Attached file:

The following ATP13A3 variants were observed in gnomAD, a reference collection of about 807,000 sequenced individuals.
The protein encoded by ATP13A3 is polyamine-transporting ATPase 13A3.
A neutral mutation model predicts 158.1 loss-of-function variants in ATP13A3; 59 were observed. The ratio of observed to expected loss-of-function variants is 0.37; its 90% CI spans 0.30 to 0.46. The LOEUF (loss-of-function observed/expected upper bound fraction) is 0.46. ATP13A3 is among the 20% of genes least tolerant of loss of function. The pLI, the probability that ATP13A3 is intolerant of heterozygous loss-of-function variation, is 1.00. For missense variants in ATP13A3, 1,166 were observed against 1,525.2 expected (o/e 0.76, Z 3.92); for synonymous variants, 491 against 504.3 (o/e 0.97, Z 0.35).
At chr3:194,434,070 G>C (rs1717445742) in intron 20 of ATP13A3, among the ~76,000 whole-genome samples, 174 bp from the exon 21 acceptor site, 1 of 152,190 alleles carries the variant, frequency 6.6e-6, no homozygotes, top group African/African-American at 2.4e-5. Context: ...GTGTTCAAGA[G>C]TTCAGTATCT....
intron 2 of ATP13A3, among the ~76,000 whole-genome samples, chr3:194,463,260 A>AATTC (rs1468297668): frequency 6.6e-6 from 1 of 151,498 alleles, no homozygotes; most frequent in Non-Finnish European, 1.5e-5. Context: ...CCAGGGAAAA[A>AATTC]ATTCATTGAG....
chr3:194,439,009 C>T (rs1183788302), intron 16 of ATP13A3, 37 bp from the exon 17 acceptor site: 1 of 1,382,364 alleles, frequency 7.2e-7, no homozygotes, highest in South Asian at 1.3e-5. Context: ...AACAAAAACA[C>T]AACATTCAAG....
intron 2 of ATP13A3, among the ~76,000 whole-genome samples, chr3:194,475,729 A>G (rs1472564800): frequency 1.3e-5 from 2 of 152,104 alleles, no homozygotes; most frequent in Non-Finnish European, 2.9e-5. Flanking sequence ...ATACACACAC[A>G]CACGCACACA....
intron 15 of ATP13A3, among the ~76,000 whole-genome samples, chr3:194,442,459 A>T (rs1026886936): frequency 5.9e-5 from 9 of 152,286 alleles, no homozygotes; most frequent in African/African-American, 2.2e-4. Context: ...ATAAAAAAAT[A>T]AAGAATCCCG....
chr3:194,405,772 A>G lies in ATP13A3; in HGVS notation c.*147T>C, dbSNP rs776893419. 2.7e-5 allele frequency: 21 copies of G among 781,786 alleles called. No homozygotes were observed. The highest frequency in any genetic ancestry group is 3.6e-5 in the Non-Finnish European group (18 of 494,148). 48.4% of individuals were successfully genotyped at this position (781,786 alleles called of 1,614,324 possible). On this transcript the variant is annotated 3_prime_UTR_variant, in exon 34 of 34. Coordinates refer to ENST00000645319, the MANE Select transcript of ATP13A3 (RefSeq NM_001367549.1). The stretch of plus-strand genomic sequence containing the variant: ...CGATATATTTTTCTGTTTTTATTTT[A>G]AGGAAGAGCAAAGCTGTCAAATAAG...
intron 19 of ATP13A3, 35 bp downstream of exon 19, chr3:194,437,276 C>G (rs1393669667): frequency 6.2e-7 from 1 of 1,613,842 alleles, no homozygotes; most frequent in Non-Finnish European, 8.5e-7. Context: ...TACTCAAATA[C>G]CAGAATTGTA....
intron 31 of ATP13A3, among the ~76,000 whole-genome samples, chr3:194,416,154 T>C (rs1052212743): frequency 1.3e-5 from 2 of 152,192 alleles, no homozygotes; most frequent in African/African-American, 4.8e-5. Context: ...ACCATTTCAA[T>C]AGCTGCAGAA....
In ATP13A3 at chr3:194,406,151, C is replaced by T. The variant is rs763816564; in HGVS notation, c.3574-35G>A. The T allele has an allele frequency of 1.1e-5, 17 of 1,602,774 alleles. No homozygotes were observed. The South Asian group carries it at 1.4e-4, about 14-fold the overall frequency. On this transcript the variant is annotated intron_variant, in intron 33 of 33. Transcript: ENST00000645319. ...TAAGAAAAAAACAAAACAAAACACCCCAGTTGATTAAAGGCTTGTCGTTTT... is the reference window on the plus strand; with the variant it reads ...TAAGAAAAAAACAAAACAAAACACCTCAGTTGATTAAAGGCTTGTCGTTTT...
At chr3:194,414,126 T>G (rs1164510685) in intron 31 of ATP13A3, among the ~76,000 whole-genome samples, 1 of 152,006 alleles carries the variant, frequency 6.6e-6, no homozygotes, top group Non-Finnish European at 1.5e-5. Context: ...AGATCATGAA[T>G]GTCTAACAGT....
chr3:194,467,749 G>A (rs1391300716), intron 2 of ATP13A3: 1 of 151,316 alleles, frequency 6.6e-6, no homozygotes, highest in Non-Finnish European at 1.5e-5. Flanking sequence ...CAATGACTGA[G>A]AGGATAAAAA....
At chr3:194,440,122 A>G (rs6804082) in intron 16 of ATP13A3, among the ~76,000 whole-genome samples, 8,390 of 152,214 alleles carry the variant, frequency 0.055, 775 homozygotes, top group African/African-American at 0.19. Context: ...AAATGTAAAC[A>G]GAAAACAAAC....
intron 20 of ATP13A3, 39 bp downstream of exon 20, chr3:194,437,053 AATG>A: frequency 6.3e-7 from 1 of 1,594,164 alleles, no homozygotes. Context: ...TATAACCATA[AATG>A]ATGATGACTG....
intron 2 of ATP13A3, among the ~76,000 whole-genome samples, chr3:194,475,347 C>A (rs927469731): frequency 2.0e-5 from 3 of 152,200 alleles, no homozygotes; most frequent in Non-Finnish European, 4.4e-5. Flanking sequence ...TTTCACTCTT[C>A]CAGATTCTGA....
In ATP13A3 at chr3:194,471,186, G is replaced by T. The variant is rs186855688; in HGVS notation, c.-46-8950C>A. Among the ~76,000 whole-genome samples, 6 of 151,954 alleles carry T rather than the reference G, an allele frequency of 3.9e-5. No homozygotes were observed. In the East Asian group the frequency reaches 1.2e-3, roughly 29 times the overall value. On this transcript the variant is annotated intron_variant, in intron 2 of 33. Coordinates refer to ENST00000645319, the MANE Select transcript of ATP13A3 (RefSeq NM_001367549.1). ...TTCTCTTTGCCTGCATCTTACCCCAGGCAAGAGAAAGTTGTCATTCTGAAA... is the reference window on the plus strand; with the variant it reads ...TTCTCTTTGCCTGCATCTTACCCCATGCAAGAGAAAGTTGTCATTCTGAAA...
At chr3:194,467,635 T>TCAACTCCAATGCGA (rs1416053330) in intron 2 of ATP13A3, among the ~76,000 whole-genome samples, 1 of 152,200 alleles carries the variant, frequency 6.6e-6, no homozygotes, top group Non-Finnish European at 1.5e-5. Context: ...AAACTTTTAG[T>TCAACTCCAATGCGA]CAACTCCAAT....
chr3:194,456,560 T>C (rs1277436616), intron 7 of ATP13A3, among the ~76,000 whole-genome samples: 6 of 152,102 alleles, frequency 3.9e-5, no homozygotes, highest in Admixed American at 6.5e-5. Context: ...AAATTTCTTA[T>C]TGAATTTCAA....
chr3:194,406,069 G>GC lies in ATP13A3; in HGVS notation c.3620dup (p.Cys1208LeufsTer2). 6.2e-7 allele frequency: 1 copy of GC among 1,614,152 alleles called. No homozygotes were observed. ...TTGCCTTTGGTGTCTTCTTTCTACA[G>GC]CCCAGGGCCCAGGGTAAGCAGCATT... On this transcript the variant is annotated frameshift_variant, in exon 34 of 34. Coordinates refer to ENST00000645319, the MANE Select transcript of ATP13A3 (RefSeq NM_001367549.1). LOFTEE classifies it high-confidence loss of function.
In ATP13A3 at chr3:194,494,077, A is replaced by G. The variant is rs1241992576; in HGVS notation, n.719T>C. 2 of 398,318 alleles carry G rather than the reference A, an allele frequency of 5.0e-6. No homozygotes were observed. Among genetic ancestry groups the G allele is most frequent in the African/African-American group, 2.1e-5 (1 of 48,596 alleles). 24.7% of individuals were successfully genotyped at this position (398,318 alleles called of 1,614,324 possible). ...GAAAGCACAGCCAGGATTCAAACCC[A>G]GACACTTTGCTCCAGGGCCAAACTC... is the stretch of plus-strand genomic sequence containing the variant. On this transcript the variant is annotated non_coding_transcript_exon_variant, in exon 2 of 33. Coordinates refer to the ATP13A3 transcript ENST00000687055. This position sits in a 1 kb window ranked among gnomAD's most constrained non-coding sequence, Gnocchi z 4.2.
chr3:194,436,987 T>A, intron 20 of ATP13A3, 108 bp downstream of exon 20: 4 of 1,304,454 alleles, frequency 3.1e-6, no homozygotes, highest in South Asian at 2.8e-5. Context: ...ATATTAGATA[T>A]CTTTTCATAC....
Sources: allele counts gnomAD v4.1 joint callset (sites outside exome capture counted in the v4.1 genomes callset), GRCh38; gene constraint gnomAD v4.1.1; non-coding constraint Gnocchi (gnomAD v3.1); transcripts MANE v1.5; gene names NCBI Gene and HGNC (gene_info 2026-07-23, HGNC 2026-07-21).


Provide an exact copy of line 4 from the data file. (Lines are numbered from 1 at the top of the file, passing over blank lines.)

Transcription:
At chr3:194,434,070 G>C (rs1717445742) in intron 20 of ATP13A3, among the ~76,000 whole-genome samples, 174 bp from the exon 21 acceptor site, 1 of 152,190 alleles carries the variant, frequency 6.6e-6, no homozygotes, top group African/African-American at 2.4e-5. Context: ...GTGTTCAAGA[G>C]TTCAGTATCT....